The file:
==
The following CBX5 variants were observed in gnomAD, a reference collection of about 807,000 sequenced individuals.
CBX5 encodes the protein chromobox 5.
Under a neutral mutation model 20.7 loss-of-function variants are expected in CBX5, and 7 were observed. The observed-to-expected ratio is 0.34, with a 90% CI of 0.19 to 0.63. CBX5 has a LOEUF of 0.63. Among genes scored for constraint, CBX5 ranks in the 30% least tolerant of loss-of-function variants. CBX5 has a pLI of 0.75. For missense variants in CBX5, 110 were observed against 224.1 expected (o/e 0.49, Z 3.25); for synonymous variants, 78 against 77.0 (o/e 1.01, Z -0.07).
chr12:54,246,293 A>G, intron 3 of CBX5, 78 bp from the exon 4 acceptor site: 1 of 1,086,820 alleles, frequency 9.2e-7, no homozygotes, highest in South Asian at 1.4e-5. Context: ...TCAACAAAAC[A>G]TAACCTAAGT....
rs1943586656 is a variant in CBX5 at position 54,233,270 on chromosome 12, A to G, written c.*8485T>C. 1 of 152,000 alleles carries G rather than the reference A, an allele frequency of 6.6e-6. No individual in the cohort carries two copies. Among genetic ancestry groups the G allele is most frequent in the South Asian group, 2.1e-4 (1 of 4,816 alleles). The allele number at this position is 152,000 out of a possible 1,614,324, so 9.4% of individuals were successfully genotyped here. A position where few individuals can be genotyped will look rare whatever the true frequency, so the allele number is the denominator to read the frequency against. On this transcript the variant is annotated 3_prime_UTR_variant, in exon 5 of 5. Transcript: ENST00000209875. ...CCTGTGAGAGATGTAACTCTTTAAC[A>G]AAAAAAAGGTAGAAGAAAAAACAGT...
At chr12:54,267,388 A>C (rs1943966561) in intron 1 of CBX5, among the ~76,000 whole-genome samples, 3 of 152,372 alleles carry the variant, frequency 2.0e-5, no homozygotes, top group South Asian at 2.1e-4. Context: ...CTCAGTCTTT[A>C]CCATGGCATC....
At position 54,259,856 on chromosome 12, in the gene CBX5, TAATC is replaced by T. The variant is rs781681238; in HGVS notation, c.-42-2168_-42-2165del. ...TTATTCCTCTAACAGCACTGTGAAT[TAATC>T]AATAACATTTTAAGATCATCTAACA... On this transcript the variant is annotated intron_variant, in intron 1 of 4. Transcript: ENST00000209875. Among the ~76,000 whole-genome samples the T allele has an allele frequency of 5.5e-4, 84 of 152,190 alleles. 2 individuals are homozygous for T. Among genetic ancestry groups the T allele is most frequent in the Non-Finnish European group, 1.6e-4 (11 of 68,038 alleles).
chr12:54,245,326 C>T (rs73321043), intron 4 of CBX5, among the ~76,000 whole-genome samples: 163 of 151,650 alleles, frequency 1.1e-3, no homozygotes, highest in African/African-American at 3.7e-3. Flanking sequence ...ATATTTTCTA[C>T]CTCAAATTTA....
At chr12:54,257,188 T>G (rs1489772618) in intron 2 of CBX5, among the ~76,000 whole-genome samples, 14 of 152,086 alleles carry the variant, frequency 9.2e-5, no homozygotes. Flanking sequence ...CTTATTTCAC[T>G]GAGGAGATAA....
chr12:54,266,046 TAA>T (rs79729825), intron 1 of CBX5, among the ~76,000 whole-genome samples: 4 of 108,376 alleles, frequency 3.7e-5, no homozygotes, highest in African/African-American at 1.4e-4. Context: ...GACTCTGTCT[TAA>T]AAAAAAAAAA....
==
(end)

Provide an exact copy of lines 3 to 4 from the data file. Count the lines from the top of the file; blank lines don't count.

Under a neutral mutation model 20.7 loss-of-function variants are expected in CBX5, and 7 were observed. The observed-to-expected ratio is 0.34, with a 90% CI of 0.19 to 0.63. CBX5 has a LOEUF of 0.63. Among genes scored for constraint, CBX5 ranks in the 30% least tolerant of loss-of-function variants. CBX5 has a pLI of 0.75. For missense variants in CBX5, 110 were observed against 224.1 expected (o/e 0.49, Z 3.25); for synonymous variants, 78 against 77.0 (o/e 1.01, Z -0.07).
chr12:54,246,293 A>G, intron 3 of CBX5, 78 bp from the exon 4 acceptor site: 1 of 1,086,820 alleles, frequency 9.2e-7, no homozygotes, highest in South Asian at 1.4e-5. Context: ...TCAACAAAAC[A>G]TAACCTAAGT....